Sea horses… ride the waves into deep waters. Pulling chariots or dancing in sea foam, these horses have captivated our imaginations for thousands of years. One of the earliest Grecian relics was a seahorse. Hippo is Greek for “horse” and kampos means “sea monster”, and its the name I use for these majestic beasts.
Hippocampus was first seen at Burning Man in 2002 and was a thematic piece for that year. It was my 3rd sculpture to put on the Playa. It also was put on display at Google HQ in Mt. View for a few years, at Burning Man Headquarters on 3rd street for a few years, and at Russian River Winery for a few years. This sea horse has been to quite a few festivals as well, including Treasure Island Music Festival, Decompression, and more.
So you heard about how I got inspired to make sculpture. I jumped right in with this one, the first in my horse series. (I made one other smaller sculpture first, a rabbit). Yup, just jumped right in, it had to be big-ish. I say -ish as its big by any standards except at Burning Man. This is teeny tiny art for there.
In the story, the young princess is traveling to her prince’s castle where she is to be wed, carrying a handkerchief for protection with three drops of her mother’s blood, riding her magical horse Falada, who can talk. Along the way, her handmaiden watches the handkerchief fall from her bosom and float downstream, and immediately orders her to exchange outfits, so she arrives as the princess. Without protection and with her life threatened by the handmaiden, the princess, aghast, does as she is commanded. When they arrive at the castle, the “princess” orders the talking horse executed immediately for being such a nasty beast. She discards the princess to the lowest position, to tend the geese. The goose girl begs the butcher to hang her horse’s head above the garden gate so she can see it.
Each day as she passes under the horse’s head with her flock of geese, they whisper to each other “if only your mother knew, how her heart would break in two” is what the horse whispered back. Each day this strange behavior is witnessed by the goose boy. He is obsessed with her but whenever he gets too close, she whispers to the wind to blow his hat away. A couple weeks of this crazy nonsense, the goose boy takes his complaints straight to the king – this new goose girl is nutters and needs to be removed at once. The goose boy explains some of the strange things that have been happening.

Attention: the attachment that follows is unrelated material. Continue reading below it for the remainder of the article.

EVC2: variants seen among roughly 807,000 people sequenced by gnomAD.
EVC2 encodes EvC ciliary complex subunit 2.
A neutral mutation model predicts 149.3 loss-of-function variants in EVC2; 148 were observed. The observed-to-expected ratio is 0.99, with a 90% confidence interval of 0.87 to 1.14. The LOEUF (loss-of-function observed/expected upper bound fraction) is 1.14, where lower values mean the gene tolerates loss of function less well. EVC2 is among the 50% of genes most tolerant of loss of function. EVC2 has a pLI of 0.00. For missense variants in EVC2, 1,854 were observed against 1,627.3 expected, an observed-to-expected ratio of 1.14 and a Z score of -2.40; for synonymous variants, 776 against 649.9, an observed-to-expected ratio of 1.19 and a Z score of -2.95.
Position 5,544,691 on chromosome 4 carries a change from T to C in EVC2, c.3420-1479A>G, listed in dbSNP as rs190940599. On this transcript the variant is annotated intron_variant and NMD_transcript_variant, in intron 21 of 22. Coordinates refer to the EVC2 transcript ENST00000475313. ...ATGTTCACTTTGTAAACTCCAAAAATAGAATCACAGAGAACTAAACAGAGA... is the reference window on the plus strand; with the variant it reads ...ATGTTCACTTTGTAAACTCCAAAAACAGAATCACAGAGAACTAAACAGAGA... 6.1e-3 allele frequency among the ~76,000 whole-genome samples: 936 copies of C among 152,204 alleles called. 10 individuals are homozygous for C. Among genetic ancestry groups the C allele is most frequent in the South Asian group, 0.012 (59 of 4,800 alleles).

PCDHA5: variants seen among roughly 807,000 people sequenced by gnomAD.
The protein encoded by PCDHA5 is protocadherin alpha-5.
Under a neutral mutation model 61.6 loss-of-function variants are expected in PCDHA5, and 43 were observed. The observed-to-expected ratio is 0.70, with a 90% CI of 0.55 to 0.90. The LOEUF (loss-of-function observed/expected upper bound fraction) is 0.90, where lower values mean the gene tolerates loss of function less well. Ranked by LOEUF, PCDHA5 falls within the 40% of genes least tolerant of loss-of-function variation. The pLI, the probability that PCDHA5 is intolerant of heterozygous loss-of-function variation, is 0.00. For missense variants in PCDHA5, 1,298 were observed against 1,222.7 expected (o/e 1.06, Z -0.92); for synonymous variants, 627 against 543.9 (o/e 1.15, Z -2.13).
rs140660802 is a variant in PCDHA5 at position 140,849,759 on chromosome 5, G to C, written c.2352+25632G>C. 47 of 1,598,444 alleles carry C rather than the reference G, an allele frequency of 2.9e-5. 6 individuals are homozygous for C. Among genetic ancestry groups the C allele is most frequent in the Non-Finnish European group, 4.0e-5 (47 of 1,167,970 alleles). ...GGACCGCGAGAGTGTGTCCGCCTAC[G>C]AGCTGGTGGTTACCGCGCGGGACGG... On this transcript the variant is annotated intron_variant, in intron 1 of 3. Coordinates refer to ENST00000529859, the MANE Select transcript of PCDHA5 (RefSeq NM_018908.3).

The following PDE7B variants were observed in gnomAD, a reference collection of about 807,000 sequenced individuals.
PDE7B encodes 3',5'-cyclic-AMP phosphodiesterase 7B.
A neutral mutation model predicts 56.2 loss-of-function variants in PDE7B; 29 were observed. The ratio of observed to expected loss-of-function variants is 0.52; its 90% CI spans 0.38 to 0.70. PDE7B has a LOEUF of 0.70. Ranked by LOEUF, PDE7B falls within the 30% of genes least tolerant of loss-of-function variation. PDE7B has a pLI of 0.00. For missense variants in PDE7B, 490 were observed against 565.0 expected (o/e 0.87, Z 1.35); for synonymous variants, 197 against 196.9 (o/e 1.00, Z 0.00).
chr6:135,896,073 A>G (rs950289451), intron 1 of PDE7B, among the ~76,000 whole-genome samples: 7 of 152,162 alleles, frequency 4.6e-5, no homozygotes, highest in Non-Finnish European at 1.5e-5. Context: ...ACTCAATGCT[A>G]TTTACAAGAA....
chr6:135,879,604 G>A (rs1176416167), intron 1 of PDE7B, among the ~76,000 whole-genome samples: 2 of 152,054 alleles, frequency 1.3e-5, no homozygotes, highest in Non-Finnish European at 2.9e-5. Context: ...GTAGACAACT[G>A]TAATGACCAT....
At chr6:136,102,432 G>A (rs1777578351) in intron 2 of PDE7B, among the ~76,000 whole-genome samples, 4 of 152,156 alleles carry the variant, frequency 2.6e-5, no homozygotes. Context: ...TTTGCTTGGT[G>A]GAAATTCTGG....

The king summons the goose girl, and asks her to tell her story. Because she is under oath, she cannot. So he tells her to go tell it to the old black stove downstairs just to get it off her chest. So she tells her story to the stove, all the while the king is upstairs listening at the stove pipe. He learns of her true identity!
He has her bathed and clothed in the finest robes, and invites her to the dining table that night. At this table, the king asks the “princess-handmaiden” what should be done with a servant that turns against their lord and lady. She says such a servant should be stripped naked and placed in a barrel full of spikes pointing inward, and dragged around town behind a horse. And so this was done to the handmaiden.
Pretty gruesome tale! Perhaps it resonates with you in some way? Fairytales often resonate with collective unconscious energy, the parts of so many of us who feel we must mask our true identity to survive… wishing we’d be recognized for being special, our true selves, being invited to the feast. It describes a healing journey many of us go on, seeking how to find a way to be who we really are. Or at least that is one layer I see at the moment. Perhaps it means something entirely different for you.
The doubly strange aspect is this scenario was featured in my dreams as a child, long before I remember reading of it in Grimm’s Fairytales. In a reference to my repetitive dreams, the horse’s head was nailed to a tree, which is represented by the bark on this trophy mount.